After seeing what Arizona State -- Aaron Pflugrad (8 targets, 8 catches, 180 yards, 2 TD) in particular -- did to the secondary, we know that there is indeed some work to be done here. Kip Edwards needs to get healthy (he did NOT look full-speed ... not even close), and my goodness, does E.J. Gaines need to find some ball skills on eBay. I'm not sure I've ever seen somebody with a bigger gap between his cover skills (brilliant) and his ball skills (nonexistent). Pflugrad's second touchdown happened despite the fact that Gaines had him blanketed and didn't fall for the trick play at all; when Gaines looked back for the ball, he not only didn't see it, but he also all but stopped running. Pflugrad did see the ball, and went and got it. Hobson's ball skills also came into question when he broke up a pass on third-and-long but still got called for pass interference because he didn't turn to look for the ball. Making sure your man isn't open is only part of playing corner. Luckily, we're only two games into the season. And in Gaines' case, there are at least 34 games remaining in his career. He's going to be a good one. What we've learned in his first two starts is simply that he's not exactly perfect yet.
We've also learned that the communication between corners and safeties needs to improve rather quickly. It makes sense that this would be an issue with so many new starters, but still ... it's an issue.
(This says nothing of the fact that Missouri really got no pass rush whatsoever either. That didn't do the secondary any favors. ASU's constant play fakes and motion kept Mizzou on their heels, and power to them for that.)
Hey, Uh, James Franklin's Pretty Good
"We already knew it," receiver T.J. Moe told reporters. "You’re the ones who didn’t know it."
Sophomore James Franklin’s second career start wasn’t perfect. He missed some throws downfield. He didn’t see some wide-open receivers. His offense converted only 3 of 15 third downs. Five possessions picked up fewer than 10 yards. And on his last two drives with the game on the line, Franklin failed to deliver points.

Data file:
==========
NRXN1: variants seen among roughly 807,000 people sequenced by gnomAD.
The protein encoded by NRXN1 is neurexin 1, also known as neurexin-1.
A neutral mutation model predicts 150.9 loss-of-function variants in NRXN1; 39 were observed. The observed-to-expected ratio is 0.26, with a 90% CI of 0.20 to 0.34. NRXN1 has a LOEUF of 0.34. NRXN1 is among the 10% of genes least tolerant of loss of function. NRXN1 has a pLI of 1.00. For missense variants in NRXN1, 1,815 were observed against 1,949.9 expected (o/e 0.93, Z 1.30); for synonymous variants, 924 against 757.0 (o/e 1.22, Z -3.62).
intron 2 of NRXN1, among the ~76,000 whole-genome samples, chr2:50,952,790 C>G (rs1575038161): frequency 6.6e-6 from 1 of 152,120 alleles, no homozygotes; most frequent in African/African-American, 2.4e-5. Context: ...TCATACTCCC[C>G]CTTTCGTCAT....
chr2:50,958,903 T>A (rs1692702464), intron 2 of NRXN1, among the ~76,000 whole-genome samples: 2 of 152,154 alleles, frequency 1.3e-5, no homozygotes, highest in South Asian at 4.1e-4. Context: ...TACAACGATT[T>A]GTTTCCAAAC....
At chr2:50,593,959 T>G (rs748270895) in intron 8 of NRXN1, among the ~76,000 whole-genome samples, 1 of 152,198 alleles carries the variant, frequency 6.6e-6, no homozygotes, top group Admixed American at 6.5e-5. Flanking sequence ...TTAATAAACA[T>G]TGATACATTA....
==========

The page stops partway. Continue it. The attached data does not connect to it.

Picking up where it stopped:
But considering everything that went wrong for the Tigers (1-1) in the desert — did they forget to pack the defense? — and considering how shaky Franklin looked six days earlier against Miami (Ohio), his performance Friday inspired hope for the future, especially from within.
"We got the experience of playing in an environment that we’ll probably see a few times this year," Franklin said after producing 403 yards of total offense (84 rushing, 319 passing) and three touchdowns against one of the Pac-12’s better defenses. "Getting this out of the way early, especially when we were down 14 and knowing we were able to come back and tie it up, that’s really encouraging. All the guys did a great job focusing on the here and now and not worrying about the crowd of anything … just making plays."
Obviously it's worrisome for Franklin to be taking this many hits when a) his backups are less than inspiring, and b) there are no backup running backs either, but ... his run-pass abilities were on display Friday night. And once again, we learned that he is a wonderfully accurate downfield passer. He does, however, need to work on the fade routes a little. Or better yet, we should maybe not call as many of them.
Hey, Uh, Henry Josey's Pretty Good
As somebody pointed out in one of the 3,000 or so comments from Friday night, Henry Josey must not practice very well because in terms of on-field performance, he's been No. 1 or close to it for a while. But he came out of fall practices No. 3 on the depth chart. Injury, however, leads to opportunity, and Josey has all the opportunity he could possibly want now, and so far, so good. Well, that's if you consider "nine carries for 94 yards, two catches for 51 yards" good. Personally, I think it's great. He is fast, quick and elusive.
I'm very curious about Missouri's gameplan for this coming Saturday evening against Western Illinois. Typically you might not throw a lot in (assumed) blowouts, but unless Mizzou is prepared to give Greg White and Jared Culver about 30 touches, the short passing might be a lot better for Mizzou's health.
(Speaking of which ... hello there, Jared Culver. You had a HUGE fumble recovery and a nice reception on what was almost the game-winning drive. And you look so much like Zack Abron that seeing you on the field always makes me happy. Apparently we're about to see a whole lot more of you with Kendial Lawrence and De'Vion Moore both out for a few weeks.)
Behind Enemy Lines
House Of Sparky: Aaron Pflugrad Sparked Sun Devils Time And Again In ASU's 37-30 OT Win Over Tigers
House Of Sparky: The Great, The Good, The Bad, and The Ugly
AZcentral.com: ASU football overcomes No. 21 Missouri in overtime
AZcentral.com: ASU football finally breaks through on a national stage
AZcentral.com: Aaron Pflugrad has career receiving night for ASU football
This really was a huge game for Arizona State, and they treated it as such. For Mizzou to withstand a crazy crowd and an absolutely insane number of injuries and come back from double-digits down to almost win says something about this team, even though Missouri has come too far to find moral victories in losses to unranked teams.